10 Genius Vegetarians
Einstein in Western culture is synonymous with genius. Reports say he was vegetarian just for the last year of his life. However, he had a guilty conscience about eating meat, and agreed with the vegetarian outlook, “Although I have been prevented by outward circumstances from observing a strictly vegetarian diet, I have long been an adherent to the cause in principle. Besides agreeing with the aims of vegetarianism for aesthetic and moral reasons, it is my view that a vegetarian manner of living by its purely physical effect on the human temperament would most beneficially influence the lot of mankind.”
Leonardo Da Vinci
One of the greatest inventors in all of human history, it is believed he was also a lifelong vegetarian who chose such a diet to avoid killing or injuring other creatures.
He invented at least 700 devices, and was both an engineer and visionary. The form of electricity you are using right now to power your computer (alternating current) resulted from the work of Nikola Tesla. Most accounts say Tesla moved gradually towards a vegetarian diet, first by eliminating meat but still eating fish, and then by quitting that also. He wasn’t vegan though, as he used dairy milk as his main protein source, after abandoning meat.
“It is certainly preferable to raise vegetables, and I think, therefore, that vegetarianism is a commendable departure from the established barbarous habit. That we can subsist on plant food and perform our work even to advantage is not a theory, but a well-demonstrated fact.”
One of India’s greatest mathematicians, he was also a strict vegetarian.
The man is iconic enough that no description here is required. He was vegetarian most of his life.”If we are to be nonviolent, we must then not wish for anything on this earth which even the meanest or the lowest of human beings cannot have.”
Vincent Van Gogh
He is considered one of the world’s most original fine art painters. Although various websites list him as a vegetarian mostly, there are some references to his accepting meat once in a while. This may be because of his lifestyle and living in conditions where other people were trying to take care of him, and he didn’t want to offend them.
“In the afternoon, at the table, the three of us would eat with the appetite of famished wolves; not he, he would not eat meat, only a little morsel on Sundays, and then only after being urged by our landlady for a long time. Four potatoes with a suspicion of gravy and a mouthful of vegetables constituted his whole dinner. To our insistence that he make a hearty dinner and eat meat, he would answer, To a human being physical life ought to be a paltry detail; vegetable food is sufficient, all the rest is luxury.”
Mr. Edison was credited with over 1,000 inventions.There are some references to him having stopped eating meat for health reasons, “During the recent illness, from mastoiditis, of Mr. Thos. Alva Edison, the famous inventor ceased using meat and went for a thorough course of vegetarianism. Mr. Edison was so pleased with the change of diet that, now he has regained his normal health, he continues to renounce meat in all it’s forms.”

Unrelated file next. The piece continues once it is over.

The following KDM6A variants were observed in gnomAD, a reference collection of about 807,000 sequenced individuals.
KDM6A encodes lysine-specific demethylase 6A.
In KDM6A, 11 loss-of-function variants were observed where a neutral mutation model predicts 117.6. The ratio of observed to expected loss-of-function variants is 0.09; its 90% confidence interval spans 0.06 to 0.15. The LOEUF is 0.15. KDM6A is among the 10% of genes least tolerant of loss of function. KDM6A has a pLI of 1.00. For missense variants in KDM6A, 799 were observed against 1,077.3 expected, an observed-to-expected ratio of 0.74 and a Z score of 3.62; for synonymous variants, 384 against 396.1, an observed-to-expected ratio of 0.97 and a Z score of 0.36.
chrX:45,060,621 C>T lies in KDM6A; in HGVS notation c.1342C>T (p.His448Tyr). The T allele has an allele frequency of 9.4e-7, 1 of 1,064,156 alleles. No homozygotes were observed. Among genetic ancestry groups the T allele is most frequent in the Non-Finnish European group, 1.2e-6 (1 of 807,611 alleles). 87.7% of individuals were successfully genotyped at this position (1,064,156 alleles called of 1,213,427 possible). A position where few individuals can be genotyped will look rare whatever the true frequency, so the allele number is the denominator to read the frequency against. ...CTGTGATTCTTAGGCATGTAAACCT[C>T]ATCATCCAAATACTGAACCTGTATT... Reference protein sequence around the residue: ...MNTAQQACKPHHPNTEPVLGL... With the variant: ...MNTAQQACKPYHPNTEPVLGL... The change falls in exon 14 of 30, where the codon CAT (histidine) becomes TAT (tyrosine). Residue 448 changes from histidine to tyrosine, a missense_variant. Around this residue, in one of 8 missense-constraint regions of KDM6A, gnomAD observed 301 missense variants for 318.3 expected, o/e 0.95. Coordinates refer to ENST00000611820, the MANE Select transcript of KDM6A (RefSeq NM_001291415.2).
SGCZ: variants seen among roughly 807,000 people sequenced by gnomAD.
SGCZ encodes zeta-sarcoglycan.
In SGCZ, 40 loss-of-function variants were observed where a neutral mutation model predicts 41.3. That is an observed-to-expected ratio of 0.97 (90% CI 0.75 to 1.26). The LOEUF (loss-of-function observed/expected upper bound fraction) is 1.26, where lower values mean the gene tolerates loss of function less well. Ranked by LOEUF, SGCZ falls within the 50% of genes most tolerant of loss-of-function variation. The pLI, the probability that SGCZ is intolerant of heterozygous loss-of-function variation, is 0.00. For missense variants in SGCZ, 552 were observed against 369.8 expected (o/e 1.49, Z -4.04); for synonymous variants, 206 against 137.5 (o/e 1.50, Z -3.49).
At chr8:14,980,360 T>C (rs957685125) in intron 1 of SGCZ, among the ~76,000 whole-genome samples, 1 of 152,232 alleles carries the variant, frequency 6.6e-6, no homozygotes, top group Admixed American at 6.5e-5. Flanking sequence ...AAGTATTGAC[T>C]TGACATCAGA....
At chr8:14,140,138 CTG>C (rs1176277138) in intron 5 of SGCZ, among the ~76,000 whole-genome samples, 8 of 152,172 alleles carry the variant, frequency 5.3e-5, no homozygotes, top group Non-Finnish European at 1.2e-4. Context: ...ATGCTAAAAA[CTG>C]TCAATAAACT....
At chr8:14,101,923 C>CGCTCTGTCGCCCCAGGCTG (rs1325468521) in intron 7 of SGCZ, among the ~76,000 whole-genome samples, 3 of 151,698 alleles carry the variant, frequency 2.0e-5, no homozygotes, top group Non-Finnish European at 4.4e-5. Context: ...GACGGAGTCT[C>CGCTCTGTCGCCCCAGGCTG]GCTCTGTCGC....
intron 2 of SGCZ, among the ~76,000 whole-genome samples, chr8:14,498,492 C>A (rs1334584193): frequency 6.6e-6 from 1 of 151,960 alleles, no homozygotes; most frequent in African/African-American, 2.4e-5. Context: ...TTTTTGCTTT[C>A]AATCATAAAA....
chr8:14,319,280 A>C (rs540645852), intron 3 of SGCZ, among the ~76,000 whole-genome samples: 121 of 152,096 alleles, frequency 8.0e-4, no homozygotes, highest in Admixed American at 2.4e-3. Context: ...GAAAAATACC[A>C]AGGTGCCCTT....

There are also a number of quotes attributed to him indicating a love of animals and condemning violence towards them.
This Greek philosopher and mathematician was also a vegetarian. In the writings of Ovid, he was depicted as having said, “Alas, what wickedness to swallow flesh into our own flesh, to fatten our greedy bodies by cramming in other bodies, to have one living creature fed by the death of another.”
Samuel Langhorne Clemens was one of America’s most beloved writers. He is listed as a vegetarian on various sites such as About.com and Wikipedia. He was also against using animals in research and for educational purposes.
“I believe I am not interested to know whether Vivisection produces results that are profitable to the human race or doesn’t. To know that the results are profitable to the race would not remove my hostility to it. The pains which it inflicts upon unconsenting animals is the basis of my enmity towards it, and it is to me sufficient justification of the enmity without looking further.”
A writer of some of the most memorable German-language fiction, Franz Kafka was also a vegetarian. He is believed to have said this when visiting an aquarium, “Now at least I can look at you in peace. I don’t eat you anymore.” That was after he became a vegetarian.
Article excerpted from www.care2.com
Posted on April 20, 2011, in Vegan's Delight and tagged albert einstein, care2, franz kafka, genius vegetarians, leonardo da vinci, mahatma gandhi, mark twain, nikola tesla, pythagoras, srinivasa ramanujan, thomas edison, top 10, vegetarian, vincent van gogh. Bookmark the permalink. 1 Comment.